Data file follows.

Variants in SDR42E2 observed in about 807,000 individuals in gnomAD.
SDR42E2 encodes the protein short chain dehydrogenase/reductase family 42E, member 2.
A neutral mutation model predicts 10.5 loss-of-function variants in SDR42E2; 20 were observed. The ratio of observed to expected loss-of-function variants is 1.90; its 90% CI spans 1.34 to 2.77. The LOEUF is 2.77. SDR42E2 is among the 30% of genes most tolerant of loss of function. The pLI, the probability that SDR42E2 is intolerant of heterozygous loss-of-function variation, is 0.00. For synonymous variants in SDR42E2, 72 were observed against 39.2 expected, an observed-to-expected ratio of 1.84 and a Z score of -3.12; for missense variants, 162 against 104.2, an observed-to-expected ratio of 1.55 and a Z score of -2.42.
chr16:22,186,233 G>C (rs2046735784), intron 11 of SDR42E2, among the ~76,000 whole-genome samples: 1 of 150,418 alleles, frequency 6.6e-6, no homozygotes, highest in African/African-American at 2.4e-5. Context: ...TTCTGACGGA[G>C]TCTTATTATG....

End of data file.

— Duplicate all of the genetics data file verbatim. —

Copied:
Variants in SDR42E2 observed in about 807,000 individuals in gnomAD.
SDR42E2 encodes the protein short chain dehydrogenase/reductase family 42E, member 2.
A neutral mutation model predicts 10.5 loss-of-function variants in SDR42E2; 20 were observed. The ratio of observed to expected loss-of-function variants is 1.90; its 90% CI spans 1.34 to 2.77. The LOEUF is 2.77. SDR42E2 is among the 30% of genes most tolerant of loss of function. The pLI, the probability that SDR42E2 is intolerant of heterozygous loss-of-function variation, is 0.00. For synonymous variants in SDR42E2, 72 were observed against 39.2 expected, an observed-to-expected ratio of 1.84 and a Z score of -3.12; for missense variants, 162 against 104.2, an observed-to-expected ratio of 1.55 and a Z score of -2.42.
chr16:22,186,233 G>C (rs2046735784), intron 11 of SDR42E2, among the ~76,000 whole-genome samples: 1 of 150,418 alleles, frequency 6.6e-6, no homozygotes, highest in African/African-American at 2.4e-5. Context: ...TTCTGACGGA[G>C]TCTTATTATG....